Wolverhampton litter wardens to use spying tactics

Wolverhampton | News | Published:

Wardens are to use 'covert methods' to spy on fly-tippers and litter louts across Wolverhampton, under plans.

The authority spent nearly £180,000 last year clearing up piles of waste but £75 on-the-spot fines can pull in up to £30,000 a week.

Street wardens are already employed to target people dropping litter and those who let their dogs foul.

And now it is hoped they will be able to use cameras and 'covert methods' to gather evidence. It comes three months after the authority started using Kingdom Security to patrol the streets.

Councillor Steve Evans, the council's environment boss, said: "We said after three months we would review our contract and we are going to stay with them.

"What I am keen to do is discuss extending their remit in terms of fly-tipping. It is a difficult one to tackle, people don't do it in front of you, but you put a camera there and they get found.

"We are looking into extending the powers of Kingdom Security in terms of fly-tipping. The company already know the hotspot areas. They know where they will have to be and the parts that are the worst affected.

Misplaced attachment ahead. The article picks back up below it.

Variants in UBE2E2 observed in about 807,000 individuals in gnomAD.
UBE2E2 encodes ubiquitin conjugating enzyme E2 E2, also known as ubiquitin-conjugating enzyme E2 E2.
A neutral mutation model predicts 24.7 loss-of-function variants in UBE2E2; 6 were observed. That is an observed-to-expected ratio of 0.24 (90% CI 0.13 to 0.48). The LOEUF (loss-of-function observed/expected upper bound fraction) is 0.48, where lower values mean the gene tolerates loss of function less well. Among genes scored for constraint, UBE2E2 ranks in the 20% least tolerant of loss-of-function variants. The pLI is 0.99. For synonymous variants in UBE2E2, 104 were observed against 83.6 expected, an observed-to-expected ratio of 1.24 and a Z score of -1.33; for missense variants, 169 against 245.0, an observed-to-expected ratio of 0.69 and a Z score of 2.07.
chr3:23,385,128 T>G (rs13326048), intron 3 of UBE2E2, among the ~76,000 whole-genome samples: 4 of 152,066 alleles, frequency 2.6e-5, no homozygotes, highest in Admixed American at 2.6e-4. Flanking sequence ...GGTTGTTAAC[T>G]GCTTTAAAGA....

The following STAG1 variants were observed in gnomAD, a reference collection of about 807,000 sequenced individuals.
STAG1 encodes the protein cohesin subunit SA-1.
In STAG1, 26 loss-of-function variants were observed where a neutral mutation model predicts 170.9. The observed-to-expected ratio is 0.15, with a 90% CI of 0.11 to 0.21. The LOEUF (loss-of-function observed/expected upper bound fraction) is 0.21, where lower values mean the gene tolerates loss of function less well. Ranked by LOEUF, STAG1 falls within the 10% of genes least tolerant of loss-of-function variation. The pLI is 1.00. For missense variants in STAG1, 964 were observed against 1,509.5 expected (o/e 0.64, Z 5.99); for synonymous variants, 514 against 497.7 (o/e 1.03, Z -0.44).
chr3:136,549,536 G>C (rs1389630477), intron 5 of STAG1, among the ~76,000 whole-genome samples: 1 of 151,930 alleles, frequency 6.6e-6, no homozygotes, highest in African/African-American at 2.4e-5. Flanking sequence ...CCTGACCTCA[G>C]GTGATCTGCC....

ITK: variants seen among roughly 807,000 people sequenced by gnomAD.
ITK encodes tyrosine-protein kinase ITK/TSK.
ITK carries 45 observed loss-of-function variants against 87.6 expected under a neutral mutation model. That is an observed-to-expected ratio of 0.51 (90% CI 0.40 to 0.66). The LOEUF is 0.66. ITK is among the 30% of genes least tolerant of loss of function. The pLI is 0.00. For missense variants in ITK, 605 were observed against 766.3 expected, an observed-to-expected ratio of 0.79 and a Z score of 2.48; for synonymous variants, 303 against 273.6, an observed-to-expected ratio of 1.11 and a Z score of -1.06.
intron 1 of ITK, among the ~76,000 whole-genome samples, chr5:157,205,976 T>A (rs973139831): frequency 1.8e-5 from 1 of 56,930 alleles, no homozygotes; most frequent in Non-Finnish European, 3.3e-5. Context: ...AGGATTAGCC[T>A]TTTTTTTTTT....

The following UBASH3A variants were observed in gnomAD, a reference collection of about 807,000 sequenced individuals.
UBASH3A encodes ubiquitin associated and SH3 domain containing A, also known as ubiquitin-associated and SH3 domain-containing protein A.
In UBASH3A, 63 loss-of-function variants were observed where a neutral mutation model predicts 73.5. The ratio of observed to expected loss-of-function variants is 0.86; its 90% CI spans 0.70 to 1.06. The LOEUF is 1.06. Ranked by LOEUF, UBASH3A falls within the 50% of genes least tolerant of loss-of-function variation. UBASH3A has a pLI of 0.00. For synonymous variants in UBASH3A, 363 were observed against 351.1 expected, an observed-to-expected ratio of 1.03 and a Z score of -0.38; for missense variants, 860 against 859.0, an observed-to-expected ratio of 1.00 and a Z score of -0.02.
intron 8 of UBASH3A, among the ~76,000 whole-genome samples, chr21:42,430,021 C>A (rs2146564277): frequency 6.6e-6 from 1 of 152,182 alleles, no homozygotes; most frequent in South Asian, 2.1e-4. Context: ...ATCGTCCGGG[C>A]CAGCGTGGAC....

"They have their own equipment in terms of filming technology which they would use. They would use their own tactics to catch people out, it might be that they use covert methods to avoid being spotted."

Councillor Evans added: "I feel so sorry for people that have to put up with fly-tipping. We have got a couple of hotspot areas in Whitmore Reans."


Earlier this month the Express & Star revealed that Craddock Street in Whitmore Reans has become a hotspot for fly-tippers.

In the last month alone settees, a bed, several fridge freezers, a washing machine and even a kitchen sink have been left near to the junction with Dunstall Road.

Residents have said that black bin liners filled with rubbish are strewn down there on a weekly basis.

In 2014/15 Wolverhampton had 4,427 incidents of fly-tipping, costing the council £179,174 in clearance costs. There were 1,358 incidents of dumping rubbish on the roads, 1,109 incidents on footpaths and 838 on council land. A further 126 incidents were in back alleyways.

Kingdom Security has six litter enforcers on city streets. They handed out 401 fines in just one week in the city between August 10 and 16, with the £75 penalties raking in £30,075. Last month people caught littering were ordered to pay hundreds of pounds each by the courts.

Ten people were summoned to appear before magistrates after refusing to accept £75 fines. Five were found guilty in their absence, and ordered to pay £345 each in fines, costs and the victim surcharge.

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